image

Figure 3.  Effect of placebo and octreotide on rectal sensory thresholds for first sensation, urge and discomfort, before and after 8 weeks of treatment in mmHg above minimal distending pressure. Data are expressed as mean + SEM. *< 0.001.

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Volume sensitivity

As in pressure-controlled distension, volume thresholds showed a significant increase in mean volume at first sensation during octreotide treatment (44 ± 10 to 77 ± 16 mL, < 0.01), but not during placebo (67 ± 14 to 66 ± 14 mL). No differences were found in threshold for sensation of urge or discomfort in placebo (urge: from 169 ± 20 to 183 ± 20 mL, discomfort: 272 ± 22, after 286 ± 21 mL) or octreotide (urge: from 136 ± 19 to146 ± 20, discomfort: from 216 ± 17 to 220 ± 22 mL).

Rectal compliance

Rectal compliance was not affected by octreotide or placebo. At baseline, compliance was 14 ± 1 and 12 ± 1 mL/mmHg, respectively, in the groups receiving placebo and octreotide. The compliance measured after 8 weeks of treatment, with placebo or octreotide (placebo: 15 ± 1 mL/mmHg and octreotide: 14 ± 1 mL/mmHg), was not different from baseline values.

Hypersensitive vs. normosensitive

Patients with visceral hypersensitivity and patients with normal sensitivity may represent different subpopulations and may respond differently to pharmacologic interventions, especially when targeting visceral sensation. Therefore, we performed a post hoc analysis to compare the effect of octreotide on rectal sensitivity in hypersensitive vs. normosensitive IBS patients.

Pressure sensitivity

Both hypersensitive and normosensitive patients showed a small but significant increase in threshold for first sensation after treatment with octreotide (hypersensitive: 1.4 ± 0.4 to 2.7 ± 0.4 mmHg, <0.01; normosensitive 2.7 ± 0.3 to 5.0 ± 0.6 mmHg, < 0.05) whereas no alterations were observed when treated with placebo (hypersensitive: 3.0 ± 0.6 to 2.8 ± 0.2 mmHg; normosensitive 4.1 ± 0.5 to 4.9 ± 0.8 mmHg) (Figure 4). At baseline, the thresholds for discomfort/pain were comparable in the patient groups. However, octreotide did not significantly alter the mean threshold of discomfort/pain compared with placebo, neither in hypersensitive (13.4 ± 2.4 vs. 16.6 ± 1.5 mmHg) nor in normosensitive (29.3 ± 2.4 vs. 29.0 ± 4.3 mmHg) patients (Figure 5).

image

Figure 4.  Individual thresholds for first sensation during rectal distension, before and after 8 weeks of treatment with placebo or octreotide. (a) hypersensitive and (b) normosensitive patients. *< 0.01, **< 0.05, compared to before treatment.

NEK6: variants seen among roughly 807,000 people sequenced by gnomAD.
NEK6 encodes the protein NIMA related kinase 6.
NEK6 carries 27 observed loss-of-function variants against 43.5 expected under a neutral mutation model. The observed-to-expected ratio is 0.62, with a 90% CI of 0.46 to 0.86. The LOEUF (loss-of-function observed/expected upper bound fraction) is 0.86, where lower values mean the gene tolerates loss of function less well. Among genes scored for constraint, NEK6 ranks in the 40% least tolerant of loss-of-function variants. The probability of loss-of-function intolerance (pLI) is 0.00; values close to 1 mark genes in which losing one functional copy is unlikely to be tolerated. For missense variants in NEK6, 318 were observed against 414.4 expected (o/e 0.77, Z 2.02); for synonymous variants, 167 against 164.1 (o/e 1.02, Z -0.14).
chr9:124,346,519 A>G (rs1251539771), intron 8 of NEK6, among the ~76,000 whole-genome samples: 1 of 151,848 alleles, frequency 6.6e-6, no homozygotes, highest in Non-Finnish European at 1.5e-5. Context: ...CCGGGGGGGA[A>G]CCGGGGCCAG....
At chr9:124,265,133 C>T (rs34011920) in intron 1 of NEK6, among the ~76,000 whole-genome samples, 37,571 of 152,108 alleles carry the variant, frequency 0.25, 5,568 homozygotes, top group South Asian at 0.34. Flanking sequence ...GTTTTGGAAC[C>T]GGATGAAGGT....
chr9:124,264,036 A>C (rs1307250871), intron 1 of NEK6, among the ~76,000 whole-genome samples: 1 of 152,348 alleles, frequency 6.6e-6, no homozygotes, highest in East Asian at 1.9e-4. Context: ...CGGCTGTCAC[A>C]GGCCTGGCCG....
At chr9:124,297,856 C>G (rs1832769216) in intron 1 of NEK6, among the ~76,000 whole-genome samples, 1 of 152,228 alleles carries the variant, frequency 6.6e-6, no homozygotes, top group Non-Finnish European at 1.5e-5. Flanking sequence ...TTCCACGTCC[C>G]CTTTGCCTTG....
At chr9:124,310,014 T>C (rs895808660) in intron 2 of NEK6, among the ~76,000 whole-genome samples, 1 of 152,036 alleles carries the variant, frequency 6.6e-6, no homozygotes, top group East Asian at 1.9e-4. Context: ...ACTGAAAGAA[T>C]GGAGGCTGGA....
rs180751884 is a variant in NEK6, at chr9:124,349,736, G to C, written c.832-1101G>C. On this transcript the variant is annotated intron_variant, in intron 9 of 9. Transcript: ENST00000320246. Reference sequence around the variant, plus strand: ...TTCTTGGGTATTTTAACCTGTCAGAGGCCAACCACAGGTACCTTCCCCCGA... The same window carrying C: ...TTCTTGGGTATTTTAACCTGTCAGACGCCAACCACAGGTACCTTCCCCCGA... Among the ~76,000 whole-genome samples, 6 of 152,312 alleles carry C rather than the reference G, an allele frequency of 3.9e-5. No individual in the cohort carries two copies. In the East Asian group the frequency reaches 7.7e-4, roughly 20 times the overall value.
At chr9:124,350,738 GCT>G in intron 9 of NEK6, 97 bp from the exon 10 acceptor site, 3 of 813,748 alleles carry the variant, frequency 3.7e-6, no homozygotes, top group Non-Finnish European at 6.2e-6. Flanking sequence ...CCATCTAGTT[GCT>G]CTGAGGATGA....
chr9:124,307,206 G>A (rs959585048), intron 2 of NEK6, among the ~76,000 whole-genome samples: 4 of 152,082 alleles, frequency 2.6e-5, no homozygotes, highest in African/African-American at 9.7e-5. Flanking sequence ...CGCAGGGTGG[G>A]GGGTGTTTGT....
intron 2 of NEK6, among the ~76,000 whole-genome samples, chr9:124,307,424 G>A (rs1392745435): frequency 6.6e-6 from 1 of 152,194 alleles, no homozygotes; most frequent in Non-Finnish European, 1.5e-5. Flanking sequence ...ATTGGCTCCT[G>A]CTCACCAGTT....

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image

Figure 5.  Individual thresholds for discomfort/pain during rectal distension, before and after 8 weeks of treatment with placebo or octreotide. (a) hypersensitive and (b) normosensitive patients.

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Volume sensitivity

In hypersensitive patients, mean intrabag volume of first sensation was 52 ± 12 mL before, and 45 ± 8 mL after placebo, vs. 28 ± 7 mL and 53 ± 10 mL (NS, = 0,05) with octreotide, respectively. When treated with placebo, the volume of first sensation in normosensitive patients was 90 ± 30 mL before and 101 ± 32 mL after treatment, compared with octreotide, before 89 ± 30 mL and after 147 ± 45 mL (NS). At baseline, the threshold for discomfort/pain measured during volume ramp distension was significantly higher in hypersensitive patients treated with placebo compared with those treated with octreotide (237 ± 24 mL and 182 ± 12, respectively < 0.05). However, 8 weeks of treatment with octreotide or placebo did not alter these thresholds (placebo 252 ± 24 mL, octreotide 185 ± 21 mL). In the normosensitive patient, baseline values were comparable and likewise, no differences were found after treatment with placebo (before: 330 ± 37 mL, after: 341 ± 31 mL, respectively) or octreotide (before: 313 ± 29 mL, after: 318 ± 37 mL).

Rectal compliance

Compliance was comparable between patients receiving placebo or octreotide, before treatment (hypersensitive 13 ± 1and 12 ± 1 mL/mmHg, respectively: normosensitive 16 ± 2 and 15 ± 1, respectively) and was not significantly altered by either of the treatment modalities (hypersensitive 15 ± 2 and 14 ± 2 mL/mmHg, respectively: normosensitive 16 ± 2 and 14 ± 1, respectively).

Symptoms

Global relief

Figure 6 shows the weekly percentage of patients reporting some degree of (somewhat to complete) relief of symptoms. The percentage of patients experiencing symptom improvement was statistically not different between the two treatment groups. According to the criteria of Muller-Lissner et al.24 (at least 50% of the weekly SGA of Relief assessments as either considerably relieved or completely relieved or 100% at least somewhat relieved), one patient is considered responder in the placebo group (= 23) compared with four in octreotide (= 23), which is not significantly different.

image

Figure 6.  Weekly effect of placebo and octreotide on global symptom relief (SGA of relief), percentage of patients reporting some to complete relief of symptoms.

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Abdominal pain